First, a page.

Earlier this week — Sunday and Monday — the Toronto Star ran several stories of mine that draw a direct link between climate change and mental health.
The first story, which to my pleasant surprise was run above the fold on A1 on Sunday, starts with Ontario coroner and former palliative care physician David Ouchterlony, who says his anxiety and despair over the growing climate threat has affected him more deeply — emotionally and psychologically — than the years he spent caring for dying patients or investigating causes of death. But Ouchterlony isn’t alone. The mental health impacts of climate change, particularly on those most vulnerable to it, is expected to grow and could become a serious public health crisis that we’re not prepared for and which, in Canada, is not even on the radar. This article provides an overview of the issue, how the American Psychological Association is taking it seriously, and how its Canadian counterpart and public healthy agencies in Canada aren’t really paying attention to this sleeper of an issue. Be sure to also read Ouchterlony’s own words in this thoughtful response to an e-mail I sent him last month asking: How is something like concern over climate change different from the kinds of feelings you have as a coroner, or had as a palliative care physician?
The same day the Star also ran a story focused on farmers, and how crazy and more extreme weather events linked to climate instability are making an already tough job more difficult. Farmers are a group with some of the highest rates of depression and suicide, and the fear is that climate change is going to make the situation worse for their mental health. Again, there’s not a lot of research in Canada looking at this issue, so these people are largely struggling silently.
Finally, on Monday the Star ran my article focused on climate change and its psychological impacts on northern and remote aboriginal communities. The story leans heavily on the pioneering research of Cape Breton University professor Ashlee Cunsolo Willox, who has spent considerable time over the past few years visiting Inuit communities in Nunatsiavut, Labrador, and documenting how populations there are coping mentally with the changes around them and how it’s impacting their way of life. Canada’s north is being disproportionately affected by climate change and these indigenous communities are on the front lines. They need our attention and our help.
The package touches on other vulnerable groups, such as scientists/environmentalists, the poor and elderly, and those directly affected by extreme weather events, such as floods, droughts and hurricanes. This last group I would categorize as sufferers of post-traumatic stress disorder, or PTSD. The other groups are struggling with a more anticipatory, existential kind of anxiety about climate change that can fuel hopelessness, despair, guilt and depression. Some might group this as “pre-traumatic stress disorder,” which I think is a useful term. A person quoted in one of my stories called it “the slow drip of climate change.”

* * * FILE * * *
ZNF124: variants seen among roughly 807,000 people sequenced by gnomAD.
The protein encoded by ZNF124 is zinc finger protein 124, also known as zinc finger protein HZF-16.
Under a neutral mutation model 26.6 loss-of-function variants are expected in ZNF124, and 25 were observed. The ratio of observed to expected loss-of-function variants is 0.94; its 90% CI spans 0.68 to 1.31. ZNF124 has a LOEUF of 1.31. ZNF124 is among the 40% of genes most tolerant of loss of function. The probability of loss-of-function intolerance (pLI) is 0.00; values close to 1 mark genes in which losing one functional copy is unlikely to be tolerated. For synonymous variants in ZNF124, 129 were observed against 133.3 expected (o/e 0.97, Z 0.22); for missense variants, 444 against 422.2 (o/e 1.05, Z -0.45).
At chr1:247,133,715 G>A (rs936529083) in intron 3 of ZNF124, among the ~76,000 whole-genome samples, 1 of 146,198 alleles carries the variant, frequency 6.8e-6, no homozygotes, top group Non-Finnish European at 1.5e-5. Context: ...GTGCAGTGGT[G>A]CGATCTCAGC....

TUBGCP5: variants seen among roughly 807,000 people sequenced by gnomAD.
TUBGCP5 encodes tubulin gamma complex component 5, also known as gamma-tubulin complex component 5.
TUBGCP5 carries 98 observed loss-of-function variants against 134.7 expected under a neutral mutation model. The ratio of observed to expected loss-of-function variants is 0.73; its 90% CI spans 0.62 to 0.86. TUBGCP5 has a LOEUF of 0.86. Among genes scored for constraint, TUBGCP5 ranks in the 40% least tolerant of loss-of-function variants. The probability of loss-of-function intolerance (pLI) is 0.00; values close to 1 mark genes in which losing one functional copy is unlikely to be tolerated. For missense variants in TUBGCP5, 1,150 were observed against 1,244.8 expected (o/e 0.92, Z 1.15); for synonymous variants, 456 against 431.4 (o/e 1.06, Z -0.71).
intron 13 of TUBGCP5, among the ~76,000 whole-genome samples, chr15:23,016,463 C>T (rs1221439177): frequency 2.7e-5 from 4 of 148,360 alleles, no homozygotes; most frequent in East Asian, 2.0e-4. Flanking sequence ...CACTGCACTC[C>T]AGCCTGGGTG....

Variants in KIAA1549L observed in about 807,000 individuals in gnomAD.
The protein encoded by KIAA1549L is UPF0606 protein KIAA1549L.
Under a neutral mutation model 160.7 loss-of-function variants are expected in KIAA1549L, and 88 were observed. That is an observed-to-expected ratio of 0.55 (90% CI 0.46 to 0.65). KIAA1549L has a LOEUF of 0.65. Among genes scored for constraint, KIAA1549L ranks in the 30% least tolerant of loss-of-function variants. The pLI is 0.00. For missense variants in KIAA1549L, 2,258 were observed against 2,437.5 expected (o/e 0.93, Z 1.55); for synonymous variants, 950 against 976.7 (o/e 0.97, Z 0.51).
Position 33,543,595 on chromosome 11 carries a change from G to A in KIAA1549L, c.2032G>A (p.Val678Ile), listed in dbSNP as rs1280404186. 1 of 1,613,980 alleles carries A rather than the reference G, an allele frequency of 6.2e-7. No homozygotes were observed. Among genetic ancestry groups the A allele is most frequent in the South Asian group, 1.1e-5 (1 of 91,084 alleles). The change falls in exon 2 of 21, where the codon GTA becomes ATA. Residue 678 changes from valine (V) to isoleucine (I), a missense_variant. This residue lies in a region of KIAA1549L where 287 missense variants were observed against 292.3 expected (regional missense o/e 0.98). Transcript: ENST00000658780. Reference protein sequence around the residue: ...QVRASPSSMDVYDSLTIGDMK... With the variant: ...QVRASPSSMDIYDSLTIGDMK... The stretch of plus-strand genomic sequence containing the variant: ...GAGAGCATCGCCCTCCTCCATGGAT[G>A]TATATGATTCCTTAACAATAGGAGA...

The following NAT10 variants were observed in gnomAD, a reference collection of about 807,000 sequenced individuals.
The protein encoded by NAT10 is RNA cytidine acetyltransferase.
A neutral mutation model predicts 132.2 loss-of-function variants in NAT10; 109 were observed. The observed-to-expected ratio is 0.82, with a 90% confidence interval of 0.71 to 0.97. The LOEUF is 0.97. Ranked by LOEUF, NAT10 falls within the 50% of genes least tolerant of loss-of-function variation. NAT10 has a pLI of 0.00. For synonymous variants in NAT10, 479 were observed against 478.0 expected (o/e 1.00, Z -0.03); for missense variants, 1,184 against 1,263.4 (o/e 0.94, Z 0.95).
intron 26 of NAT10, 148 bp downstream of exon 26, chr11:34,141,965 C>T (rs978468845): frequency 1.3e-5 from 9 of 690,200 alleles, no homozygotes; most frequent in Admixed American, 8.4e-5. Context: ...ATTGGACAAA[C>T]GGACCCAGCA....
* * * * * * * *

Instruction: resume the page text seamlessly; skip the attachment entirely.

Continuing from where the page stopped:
As expected, some have commented that the series is alarmist and will only serve to feed anxieties. If telling the truth is alarmist, then so be it. Others will say I dwelled only on the problem and didn’t get deep enough into the discussion of how to bolster mental resilience. I should have focused more on positive developments, emerging new technologies, and adaptation as a way to short-circuit anxieties. I agree, that discussion is needed and that discussion will come. But first I had to identify that the mental health challenge is real — that it exists and has the potential to grow much worse as evidence of climate change becomes more apparent in our daily lives.
The first step to finding solutions is admitting we have a problem, and while only a small slice of the population suffers psychologically from what might flippantly be called the climate blues, I would argue that it’s a process we all have to go through if we are to become — emerge — more mentally resilient to the changes in our surrounding environment and how they affect our lives.
So let’s have the discussion. Let’s recognize the problem. Let’s devote resources to research. Let’s create a plan and the necessary support as part of municipal, provincial and federal adaptation measures. Both the Mental Health Commission of Canada and the Canadian Psychological Association need to develop a position, remembering it’s both a public health concern and something that can affect the country’s economic productivity.
Finally, feel free to reach out if you have a story to share.